The slightly different beauty item – Why is selfcare and mental health care so important during AND especially after quarantine


First of all, I would like to say that everything is described very subjectively in the following article. I try to make you understand how I dealt with this previously unusual situations and how I fought my very own demon. No, I am not a psychologist, nor have I been able to enjoy such education. So please be gentle with me.

I decided to write a little different beauty article because if I live by a motto it is definitely practice what you preach. I find this article so important cause I honestly have to say:

I had an extremely hard time in quarantine and I am STILL struggling !!! Not only have I gone through many personal changes, I’m also the kind of person who is very strongly influenced by their environment. Of incidents, vibes and energy. 

I know, I know, that always sounds crazy and too spiritual, but there is still this form of empathy.



I strongly empathize with my fellow human beings and if I feel emotional stress, it affects me physically. Also need to be close to my friends and the freedom to spend my free time as I want to. In addition to my extremely stressful job, I need leisure stress like air to breathe. Sounds stupid, I know but it is what it is. I need to feel needed, probably one or the other knows what I mean. My job, which takes up 90 percent of my waking life, is creative and connected to many people, ergo my work during the new COVID19 everyday life has completely disappeared. So what the hell should I do with my time ??

At the beginning of the isolation, I looked desperately for tasks. Cleaning windows and doors, resuming old hobbies like drawing, trying to stay sporty. Yes, I tried out homeworkouts and realized that it’s absolutely nothing for me. So after all of these activities had been completed (no cap, took me just ten days), only one thing remained: myself.

A little voice in my head became audible that said over and over again: “What are you doing with your life?” An annoying, restless voice that shouted at me „you’re getting old, bro“ or “do you remember where you wanted to be at 30 ?” 

Well, certainly not in a global pandemic. That’s for sure.

Got this bad feeling in the pit of my stomach, constantly worried about my relationship, my standard of living and my mindset. And often overreacted. After a while I decided to take a mental break in my hometown and went there for almost three weeks. A terrific decision that really did me good. At least for the moment. After this break, back in Berlin, of course the great disillusionment. The voice was still there and grew louder.

My first impulse was to speak to my close friends who have known and understood me for years. Like people around me who I trust and who went through similar things. I tried to find peace and finally listen to my body. I maintain my daily rituals. Drank my tea in the morning, practiced Skincare Sunday, and listened to my favorite music. The latter was existential. Many underestimate the healing power of music. Music is really my source of energy and my resting place. But there were also days where I just lay in bed the entire day and watched anime.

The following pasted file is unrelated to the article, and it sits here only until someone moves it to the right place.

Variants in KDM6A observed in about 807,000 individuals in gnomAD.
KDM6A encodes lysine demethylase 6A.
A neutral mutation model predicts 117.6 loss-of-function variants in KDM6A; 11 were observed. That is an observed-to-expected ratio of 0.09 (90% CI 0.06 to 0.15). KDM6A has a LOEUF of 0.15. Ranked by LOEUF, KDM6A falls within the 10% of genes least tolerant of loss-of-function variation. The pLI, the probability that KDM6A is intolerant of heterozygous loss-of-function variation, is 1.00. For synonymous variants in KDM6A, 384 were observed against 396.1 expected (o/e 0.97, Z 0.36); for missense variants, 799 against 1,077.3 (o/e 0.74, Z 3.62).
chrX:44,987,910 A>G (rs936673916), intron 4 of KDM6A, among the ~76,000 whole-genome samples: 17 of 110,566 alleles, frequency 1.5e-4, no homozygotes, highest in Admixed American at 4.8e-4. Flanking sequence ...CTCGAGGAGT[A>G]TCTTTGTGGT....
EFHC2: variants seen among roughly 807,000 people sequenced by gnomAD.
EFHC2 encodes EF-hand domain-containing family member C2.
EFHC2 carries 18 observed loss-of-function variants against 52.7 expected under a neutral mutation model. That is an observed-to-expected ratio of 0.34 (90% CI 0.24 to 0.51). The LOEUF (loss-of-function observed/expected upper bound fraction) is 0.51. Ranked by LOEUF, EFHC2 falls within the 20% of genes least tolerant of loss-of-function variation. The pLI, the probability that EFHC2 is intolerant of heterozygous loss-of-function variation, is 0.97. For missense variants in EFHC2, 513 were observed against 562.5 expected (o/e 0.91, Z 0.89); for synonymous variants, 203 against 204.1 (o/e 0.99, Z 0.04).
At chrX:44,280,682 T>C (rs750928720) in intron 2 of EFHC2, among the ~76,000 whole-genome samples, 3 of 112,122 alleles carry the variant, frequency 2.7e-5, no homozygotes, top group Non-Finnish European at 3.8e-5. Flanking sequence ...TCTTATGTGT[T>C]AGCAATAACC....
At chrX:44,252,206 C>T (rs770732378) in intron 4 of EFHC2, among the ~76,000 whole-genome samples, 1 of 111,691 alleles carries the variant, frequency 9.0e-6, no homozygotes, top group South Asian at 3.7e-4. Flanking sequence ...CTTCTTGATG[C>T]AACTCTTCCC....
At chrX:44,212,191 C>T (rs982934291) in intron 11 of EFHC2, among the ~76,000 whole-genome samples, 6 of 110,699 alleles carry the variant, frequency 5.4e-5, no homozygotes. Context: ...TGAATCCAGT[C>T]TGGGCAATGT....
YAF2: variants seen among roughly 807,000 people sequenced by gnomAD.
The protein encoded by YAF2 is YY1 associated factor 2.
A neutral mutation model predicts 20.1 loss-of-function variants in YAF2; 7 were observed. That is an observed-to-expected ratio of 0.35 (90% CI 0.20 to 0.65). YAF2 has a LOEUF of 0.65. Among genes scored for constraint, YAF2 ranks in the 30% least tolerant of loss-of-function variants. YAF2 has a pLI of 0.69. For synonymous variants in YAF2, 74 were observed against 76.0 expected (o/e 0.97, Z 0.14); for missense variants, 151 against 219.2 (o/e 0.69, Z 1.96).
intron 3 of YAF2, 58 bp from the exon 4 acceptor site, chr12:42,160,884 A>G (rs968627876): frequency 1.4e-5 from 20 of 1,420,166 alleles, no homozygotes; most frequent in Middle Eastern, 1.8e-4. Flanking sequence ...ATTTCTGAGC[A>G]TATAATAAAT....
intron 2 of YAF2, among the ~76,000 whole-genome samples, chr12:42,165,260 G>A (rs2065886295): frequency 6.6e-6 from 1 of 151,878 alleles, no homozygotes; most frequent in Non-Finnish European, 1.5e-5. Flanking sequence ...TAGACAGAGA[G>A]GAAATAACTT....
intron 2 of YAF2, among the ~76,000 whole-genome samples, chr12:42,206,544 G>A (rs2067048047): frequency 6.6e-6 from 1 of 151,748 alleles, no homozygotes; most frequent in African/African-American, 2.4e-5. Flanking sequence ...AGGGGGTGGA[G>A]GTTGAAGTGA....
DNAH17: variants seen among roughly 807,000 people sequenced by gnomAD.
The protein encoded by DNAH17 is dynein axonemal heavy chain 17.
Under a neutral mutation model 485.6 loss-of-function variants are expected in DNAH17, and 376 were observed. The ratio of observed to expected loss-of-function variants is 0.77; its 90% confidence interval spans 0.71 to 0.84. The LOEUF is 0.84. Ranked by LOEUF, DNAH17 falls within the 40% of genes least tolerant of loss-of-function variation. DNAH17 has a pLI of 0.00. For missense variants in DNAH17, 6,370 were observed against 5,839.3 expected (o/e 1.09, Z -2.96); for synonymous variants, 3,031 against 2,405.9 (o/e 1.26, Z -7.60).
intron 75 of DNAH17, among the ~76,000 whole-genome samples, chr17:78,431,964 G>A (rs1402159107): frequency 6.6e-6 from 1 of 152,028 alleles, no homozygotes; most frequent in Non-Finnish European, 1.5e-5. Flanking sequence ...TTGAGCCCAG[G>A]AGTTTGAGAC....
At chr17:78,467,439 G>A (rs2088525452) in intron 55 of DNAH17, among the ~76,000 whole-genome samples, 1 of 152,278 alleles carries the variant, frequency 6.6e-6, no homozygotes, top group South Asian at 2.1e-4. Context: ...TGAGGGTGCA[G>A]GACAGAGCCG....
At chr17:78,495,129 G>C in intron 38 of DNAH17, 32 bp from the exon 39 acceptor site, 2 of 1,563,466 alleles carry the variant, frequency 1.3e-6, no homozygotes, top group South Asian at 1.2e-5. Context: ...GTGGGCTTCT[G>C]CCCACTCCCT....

You quickly get the feeling that you are behaving incorrectly cause you don’t come home from your daily three-hour walk to continue learning Korean and eat your homemade banana bread. Nonsense. You should use the time for yourself and find out what you and your body need. No matter whether it’s productivity, casualness or laziness. Or a mix of everything. An age-old problem of humanity is the manipulation of one’s own consciousness. We let ourselves be influenced by others opinions too quickly and ignore our  own feelings.

One of my biggest mistakes is to surround myself with as many people as possible to drown out the feeling of loneliness. Although this is usually exactly the wrong thing. After that I always feel drained and tired. Now I’m trying to create a space where I can spend time with myself. 

This year is far from easy. For nobody. Even after all the loosenings. Nevertheless, I seriously believe that’s a year that humanity A large part of life is accepting and feeling our emotions, no matter how sad or exciting they may be. Naiylah M. Warren is a marriage and family therapist who has learned how to teach people how to avoid inhibiting their feelings and understand the benefits of therapy. I’m not saying you have to go into therapy now, but I would like to introduce you to three of her tools that were really helpful in situations I’ve been through.

SPACE

Take Space – from the constant media stimulation, breaks from protesting and viewing news/twitter feeds. In times like this it is very easy to become over stimulated overwhelmed. Find sources you trust. Plug in when you are ready to engaged, unplug when you are not.

SAFETY

Create/find safety to cry, feel, and process. Much of what we are experiencing right now can be traumatizing. The first step to addressing trauma is creating a safe space to process, either in solitude or in community. Creating a safe space to express your feelings can help to release the heaviness of emotions.

SELF-CARE

Identify non-negotiable parts of your routine for the purpose of restoration. We may not be able to keep all of our routines, but we can hold on to some. This allows for intentionality in how we carve out time for self-care. Remember, self-care is a responsibility, not a luxury. Don’t forget that everything is a process and that you need time and energy. It’s tough but you can handle it.